The most monumental challenges in biomedicine today begin with microscopic details. Micromattie Consulting draws from a depth of experience in medical genetics, microbiology, and R&D to deliver impactful results. We partner with an array of clients from large medical centers and corporations to community groups on projects that improve life for people with rare and chronic diseases.
Matoya Robinson’s professional background includes over 7 years of experience in biomedical research, with an additional 6 years of experience in R&D, nonprofit management, and science education prior to founding Micromattie Consulting in 2016. Her technical knowledge is combined with hands-on researchand development experience in molecular biology, retroviral vector design, microbiology, analytical chemistry, and polymer engineering.
In 2013 she realized that her skills were uniquely suited to ensure that initiatives led by clinicians, researchers, and policymakers remain directly rooted in the voices and needs of Americans living with chronic and rare diseases. Accordingly, she hung up her lab coat to begin consulting. 2016 saw the formal incorporation of Micromattie Consulting Inc, a minority woman owned business.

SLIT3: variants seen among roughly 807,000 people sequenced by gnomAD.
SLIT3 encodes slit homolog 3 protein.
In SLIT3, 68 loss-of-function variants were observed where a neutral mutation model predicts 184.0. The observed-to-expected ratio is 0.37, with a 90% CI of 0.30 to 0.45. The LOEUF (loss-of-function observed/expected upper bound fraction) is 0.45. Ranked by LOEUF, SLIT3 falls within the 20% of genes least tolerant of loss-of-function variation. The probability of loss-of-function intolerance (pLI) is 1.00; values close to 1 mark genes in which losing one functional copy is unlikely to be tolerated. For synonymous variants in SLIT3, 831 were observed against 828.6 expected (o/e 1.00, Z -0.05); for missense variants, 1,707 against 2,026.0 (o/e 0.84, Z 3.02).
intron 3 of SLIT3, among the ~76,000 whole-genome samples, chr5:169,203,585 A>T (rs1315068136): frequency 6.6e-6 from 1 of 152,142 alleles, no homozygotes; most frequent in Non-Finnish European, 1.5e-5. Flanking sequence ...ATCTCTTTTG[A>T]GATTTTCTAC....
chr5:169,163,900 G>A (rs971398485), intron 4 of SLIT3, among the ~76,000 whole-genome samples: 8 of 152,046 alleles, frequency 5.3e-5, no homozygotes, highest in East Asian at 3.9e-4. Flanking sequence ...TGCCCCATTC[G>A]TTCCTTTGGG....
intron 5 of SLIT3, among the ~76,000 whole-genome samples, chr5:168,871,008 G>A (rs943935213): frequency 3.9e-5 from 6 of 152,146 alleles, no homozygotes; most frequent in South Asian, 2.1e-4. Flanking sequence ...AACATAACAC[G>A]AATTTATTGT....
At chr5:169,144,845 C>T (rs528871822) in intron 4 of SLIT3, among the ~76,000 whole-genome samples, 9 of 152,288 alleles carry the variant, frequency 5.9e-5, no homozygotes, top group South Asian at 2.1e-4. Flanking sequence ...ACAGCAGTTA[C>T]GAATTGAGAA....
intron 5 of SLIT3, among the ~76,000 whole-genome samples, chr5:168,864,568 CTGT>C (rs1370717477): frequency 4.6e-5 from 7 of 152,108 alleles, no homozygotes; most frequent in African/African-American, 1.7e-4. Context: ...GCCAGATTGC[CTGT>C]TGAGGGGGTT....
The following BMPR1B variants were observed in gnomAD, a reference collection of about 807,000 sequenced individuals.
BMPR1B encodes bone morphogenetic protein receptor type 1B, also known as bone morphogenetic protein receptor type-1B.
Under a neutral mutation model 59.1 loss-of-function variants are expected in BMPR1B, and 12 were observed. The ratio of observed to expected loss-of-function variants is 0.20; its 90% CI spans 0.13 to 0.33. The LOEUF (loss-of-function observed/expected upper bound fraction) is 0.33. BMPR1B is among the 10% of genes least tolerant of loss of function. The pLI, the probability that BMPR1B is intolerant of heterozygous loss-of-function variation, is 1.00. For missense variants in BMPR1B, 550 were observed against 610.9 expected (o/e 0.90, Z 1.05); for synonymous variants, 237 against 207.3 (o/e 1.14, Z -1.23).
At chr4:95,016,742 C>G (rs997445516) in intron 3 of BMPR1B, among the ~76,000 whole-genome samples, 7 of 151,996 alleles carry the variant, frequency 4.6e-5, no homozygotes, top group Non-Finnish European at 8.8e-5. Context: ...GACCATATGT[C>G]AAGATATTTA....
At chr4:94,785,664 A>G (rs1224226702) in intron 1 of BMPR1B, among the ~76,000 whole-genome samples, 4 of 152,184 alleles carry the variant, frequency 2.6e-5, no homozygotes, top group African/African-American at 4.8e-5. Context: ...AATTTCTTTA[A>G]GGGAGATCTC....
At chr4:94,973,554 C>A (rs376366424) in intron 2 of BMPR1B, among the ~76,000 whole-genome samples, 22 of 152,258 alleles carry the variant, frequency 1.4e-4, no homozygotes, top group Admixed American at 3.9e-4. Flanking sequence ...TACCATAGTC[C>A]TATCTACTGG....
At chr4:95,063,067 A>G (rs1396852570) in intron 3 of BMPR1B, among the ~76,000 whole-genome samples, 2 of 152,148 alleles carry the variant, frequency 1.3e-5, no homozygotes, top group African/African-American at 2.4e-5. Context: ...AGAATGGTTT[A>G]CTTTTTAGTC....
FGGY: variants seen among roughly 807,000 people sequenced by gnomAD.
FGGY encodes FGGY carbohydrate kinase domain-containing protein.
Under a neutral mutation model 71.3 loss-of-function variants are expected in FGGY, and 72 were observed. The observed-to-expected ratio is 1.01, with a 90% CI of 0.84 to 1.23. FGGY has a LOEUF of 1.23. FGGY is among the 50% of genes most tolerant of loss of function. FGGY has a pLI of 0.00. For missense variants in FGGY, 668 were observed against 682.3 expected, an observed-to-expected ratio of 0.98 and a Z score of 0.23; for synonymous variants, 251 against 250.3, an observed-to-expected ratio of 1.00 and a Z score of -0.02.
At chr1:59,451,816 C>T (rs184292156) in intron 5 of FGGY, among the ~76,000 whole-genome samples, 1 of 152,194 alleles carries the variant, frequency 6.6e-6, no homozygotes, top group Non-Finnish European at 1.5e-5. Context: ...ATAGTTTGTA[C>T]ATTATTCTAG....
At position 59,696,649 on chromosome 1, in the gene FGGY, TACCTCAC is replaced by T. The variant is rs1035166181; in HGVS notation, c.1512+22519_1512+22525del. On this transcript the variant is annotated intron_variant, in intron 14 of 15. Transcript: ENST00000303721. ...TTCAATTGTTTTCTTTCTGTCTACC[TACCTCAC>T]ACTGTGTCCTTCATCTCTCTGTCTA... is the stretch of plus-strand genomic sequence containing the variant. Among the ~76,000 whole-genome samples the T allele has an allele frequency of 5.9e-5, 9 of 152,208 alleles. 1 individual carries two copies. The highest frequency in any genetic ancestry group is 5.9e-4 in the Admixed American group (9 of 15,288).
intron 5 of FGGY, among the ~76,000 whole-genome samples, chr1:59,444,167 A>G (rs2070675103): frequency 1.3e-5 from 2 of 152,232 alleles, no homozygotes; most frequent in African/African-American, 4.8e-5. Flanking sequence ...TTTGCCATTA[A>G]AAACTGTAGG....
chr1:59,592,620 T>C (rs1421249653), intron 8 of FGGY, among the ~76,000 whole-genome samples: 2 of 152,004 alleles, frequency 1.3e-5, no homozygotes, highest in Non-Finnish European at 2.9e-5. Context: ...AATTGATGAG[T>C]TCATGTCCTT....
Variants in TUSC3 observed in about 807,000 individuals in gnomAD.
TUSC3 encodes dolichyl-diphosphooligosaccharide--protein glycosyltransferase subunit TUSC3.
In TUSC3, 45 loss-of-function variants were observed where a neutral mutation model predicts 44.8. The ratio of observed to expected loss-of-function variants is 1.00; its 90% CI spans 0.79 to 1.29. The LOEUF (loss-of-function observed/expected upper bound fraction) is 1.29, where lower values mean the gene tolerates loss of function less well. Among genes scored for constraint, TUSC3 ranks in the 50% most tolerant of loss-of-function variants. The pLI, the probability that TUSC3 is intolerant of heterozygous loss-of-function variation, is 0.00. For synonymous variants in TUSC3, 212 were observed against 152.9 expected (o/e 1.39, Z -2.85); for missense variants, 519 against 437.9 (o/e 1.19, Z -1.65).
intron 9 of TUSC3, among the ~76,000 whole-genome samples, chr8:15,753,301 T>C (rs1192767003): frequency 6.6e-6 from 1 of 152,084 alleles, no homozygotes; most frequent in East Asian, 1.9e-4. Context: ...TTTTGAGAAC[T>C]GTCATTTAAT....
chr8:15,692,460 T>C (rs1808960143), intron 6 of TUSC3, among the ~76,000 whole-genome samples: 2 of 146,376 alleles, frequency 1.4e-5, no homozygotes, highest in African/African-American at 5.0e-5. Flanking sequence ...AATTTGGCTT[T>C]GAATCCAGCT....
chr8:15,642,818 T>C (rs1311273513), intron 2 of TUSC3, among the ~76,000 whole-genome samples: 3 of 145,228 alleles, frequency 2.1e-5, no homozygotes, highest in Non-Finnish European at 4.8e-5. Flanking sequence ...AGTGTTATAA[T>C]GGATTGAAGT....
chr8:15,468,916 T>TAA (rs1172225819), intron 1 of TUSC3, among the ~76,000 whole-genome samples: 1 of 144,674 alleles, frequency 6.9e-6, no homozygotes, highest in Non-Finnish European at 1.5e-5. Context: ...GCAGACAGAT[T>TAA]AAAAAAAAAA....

Ms. Robinson holds graduate degrees in Microbiology and Cell Science from the University of Florida and in Human Genetics and Molecular Biology from the Johns Hopkins School of Medicine, where she achieved PhD candidacy in 2011. From 2011 to 2013, she held a Graduate Research Fellowship in the NIH National Heart Lung and Blood Institute where she researched retroviral vector based gene therapy approaches to treat sickle cell disease and related genetic blood disorders.
In addition to management consulting, Mattie Robinson is also an accomplished public speaker. Request a booking using the button below.
Adults with sickle cell disease (SCD) shared their insights in a panel discussion at the 2018 Management of Sickle Cell
An expansion of research interest in adult-onset complications of SCD, meaning secondary symptoms that are likely to first appear after